When I first read Richard Foster’s The Celebration of Discipline, I did not like it. Its twelve chapters are organized around 12 spiritual disciplines. I felt like I was already not reading the Bible and praying enough–now I have ten more activities I have to feel guilty about?
Guilt, while very necessary to convict us (that’s why we’re only taking ’some’ away), is not a good long-term sustainable fuel source.
On the other hand, I don’t just drift into spiritual growth. So how do I know what spiritual practices might be helpful to me?
Here’s one of the most helpful insights I know, courtesy of Dallas Willard.
Sins can be divided into two types:
1. Sins of Omission (lovelessness, joylessness,–things I DON’T do)
2. Sins of Comission (lying, gossiping–things I DO)
Disciplines can be divided into two related types:
1. Disciplines of Engagement (study, worship–things I DO)
2. Discipines of Abstinence (fasting, solitude–things I DON’T DO)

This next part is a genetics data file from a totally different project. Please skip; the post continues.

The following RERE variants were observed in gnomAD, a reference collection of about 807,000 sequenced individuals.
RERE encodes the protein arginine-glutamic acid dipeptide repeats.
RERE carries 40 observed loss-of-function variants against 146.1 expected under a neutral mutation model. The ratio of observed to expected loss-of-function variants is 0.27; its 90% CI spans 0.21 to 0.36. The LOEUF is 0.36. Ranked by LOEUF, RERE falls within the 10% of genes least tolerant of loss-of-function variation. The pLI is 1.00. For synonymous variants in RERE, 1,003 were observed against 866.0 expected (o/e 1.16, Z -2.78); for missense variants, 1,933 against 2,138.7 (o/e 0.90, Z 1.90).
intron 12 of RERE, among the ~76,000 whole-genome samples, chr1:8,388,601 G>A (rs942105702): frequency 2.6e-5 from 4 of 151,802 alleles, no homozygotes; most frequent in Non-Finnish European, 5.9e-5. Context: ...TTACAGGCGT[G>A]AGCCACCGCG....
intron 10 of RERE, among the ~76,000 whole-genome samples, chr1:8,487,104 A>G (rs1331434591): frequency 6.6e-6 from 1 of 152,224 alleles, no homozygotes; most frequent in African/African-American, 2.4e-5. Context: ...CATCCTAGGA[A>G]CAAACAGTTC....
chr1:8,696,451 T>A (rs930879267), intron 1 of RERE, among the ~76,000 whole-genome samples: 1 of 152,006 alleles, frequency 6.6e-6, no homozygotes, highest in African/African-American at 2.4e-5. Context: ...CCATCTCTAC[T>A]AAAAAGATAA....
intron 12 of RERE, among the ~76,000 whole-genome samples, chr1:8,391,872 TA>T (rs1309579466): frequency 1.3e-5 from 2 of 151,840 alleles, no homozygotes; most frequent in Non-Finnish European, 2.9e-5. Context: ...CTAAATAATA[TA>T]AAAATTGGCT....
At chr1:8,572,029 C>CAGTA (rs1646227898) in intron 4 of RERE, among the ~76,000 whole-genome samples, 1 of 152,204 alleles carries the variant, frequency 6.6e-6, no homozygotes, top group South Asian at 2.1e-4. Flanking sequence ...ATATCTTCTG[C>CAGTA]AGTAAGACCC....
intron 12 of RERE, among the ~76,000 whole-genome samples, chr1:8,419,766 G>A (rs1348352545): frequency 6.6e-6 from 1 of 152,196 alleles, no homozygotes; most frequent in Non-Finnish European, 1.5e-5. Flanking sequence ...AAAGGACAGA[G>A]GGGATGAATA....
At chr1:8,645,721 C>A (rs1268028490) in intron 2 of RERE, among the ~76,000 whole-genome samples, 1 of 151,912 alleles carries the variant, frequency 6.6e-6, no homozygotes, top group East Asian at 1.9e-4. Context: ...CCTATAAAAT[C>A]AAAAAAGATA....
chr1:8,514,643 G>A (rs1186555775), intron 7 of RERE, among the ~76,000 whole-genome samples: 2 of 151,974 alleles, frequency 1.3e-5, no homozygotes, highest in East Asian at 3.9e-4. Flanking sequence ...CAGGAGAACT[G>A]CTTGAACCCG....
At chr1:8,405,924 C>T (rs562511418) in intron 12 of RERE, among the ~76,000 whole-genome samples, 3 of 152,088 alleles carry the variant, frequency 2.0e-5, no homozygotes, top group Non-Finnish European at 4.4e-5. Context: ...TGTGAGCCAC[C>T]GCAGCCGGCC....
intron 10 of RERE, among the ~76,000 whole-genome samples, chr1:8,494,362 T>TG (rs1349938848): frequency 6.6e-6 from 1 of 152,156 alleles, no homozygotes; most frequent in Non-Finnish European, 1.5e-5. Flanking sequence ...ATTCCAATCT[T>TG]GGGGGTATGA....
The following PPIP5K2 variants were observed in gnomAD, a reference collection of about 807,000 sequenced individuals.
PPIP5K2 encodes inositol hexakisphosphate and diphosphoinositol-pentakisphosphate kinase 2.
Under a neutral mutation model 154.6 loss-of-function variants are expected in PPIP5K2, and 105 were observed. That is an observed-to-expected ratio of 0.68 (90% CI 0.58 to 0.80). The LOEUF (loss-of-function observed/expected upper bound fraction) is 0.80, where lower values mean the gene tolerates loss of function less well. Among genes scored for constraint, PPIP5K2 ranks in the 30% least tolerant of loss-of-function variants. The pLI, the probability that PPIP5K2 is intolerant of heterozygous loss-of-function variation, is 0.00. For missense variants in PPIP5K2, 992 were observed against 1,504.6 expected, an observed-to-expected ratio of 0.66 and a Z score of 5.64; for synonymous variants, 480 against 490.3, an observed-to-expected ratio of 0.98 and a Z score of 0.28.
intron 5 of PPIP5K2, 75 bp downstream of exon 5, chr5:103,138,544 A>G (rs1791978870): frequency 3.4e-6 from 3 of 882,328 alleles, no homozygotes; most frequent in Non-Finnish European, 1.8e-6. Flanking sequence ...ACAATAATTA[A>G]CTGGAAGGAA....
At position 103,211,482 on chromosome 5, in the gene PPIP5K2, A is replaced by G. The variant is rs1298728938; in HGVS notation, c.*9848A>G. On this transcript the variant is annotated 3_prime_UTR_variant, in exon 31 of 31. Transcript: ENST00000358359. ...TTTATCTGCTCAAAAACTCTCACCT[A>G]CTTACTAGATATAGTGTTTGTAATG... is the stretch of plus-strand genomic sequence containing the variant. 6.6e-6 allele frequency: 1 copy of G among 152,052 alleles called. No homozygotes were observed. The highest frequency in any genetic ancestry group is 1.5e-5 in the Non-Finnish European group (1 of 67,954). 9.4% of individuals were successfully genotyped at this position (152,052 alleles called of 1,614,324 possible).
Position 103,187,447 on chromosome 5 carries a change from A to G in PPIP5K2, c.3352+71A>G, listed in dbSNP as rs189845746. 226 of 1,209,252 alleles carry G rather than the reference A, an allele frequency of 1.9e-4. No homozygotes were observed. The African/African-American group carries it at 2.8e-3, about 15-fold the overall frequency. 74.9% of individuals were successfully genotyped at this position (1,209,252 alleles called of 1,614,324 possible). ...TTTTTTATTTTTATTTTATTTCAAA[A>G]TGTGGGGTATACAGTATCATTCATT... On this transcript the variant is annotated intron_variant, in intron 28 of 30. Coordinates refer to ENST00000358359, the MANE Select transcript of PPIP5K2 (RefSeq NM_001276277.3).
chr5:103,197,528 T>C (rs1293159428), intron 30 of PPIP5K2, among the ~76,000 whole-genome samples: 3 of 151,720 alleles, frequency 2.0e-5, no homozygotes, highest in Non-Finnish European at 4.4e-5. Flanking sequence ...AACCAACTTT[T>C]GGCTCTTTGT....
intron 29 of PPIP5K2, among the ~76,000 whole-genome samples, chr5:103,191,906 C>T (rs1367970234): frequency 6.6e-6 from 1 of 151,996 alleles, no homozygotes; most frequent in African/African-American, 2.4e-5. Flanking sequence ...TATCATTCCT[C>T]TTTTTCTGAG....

Generally–when I wrestle with a sin of omission, I will be helped by a discipline of engagement. For instance, if I struggle with joylessness I will be helped by the practice of celebration. If I struggle with being miserly I will be helped by the practice of giving.
When I wrestle with a sin of Comission, I will be helped by a practice of Abstinence. If I struggle with gossip I will be helped by practicing silence; if I wrestle with ‘impression management’ I will be helped by solitude.
I personally wrestle with enough sins that I never run out of practices that can be helpful. But I no longer feel guilty about not keeping up with someone else’s devotional list. I have more important things to feel guilty about.
The disciplines are a means to an end. The end is–life!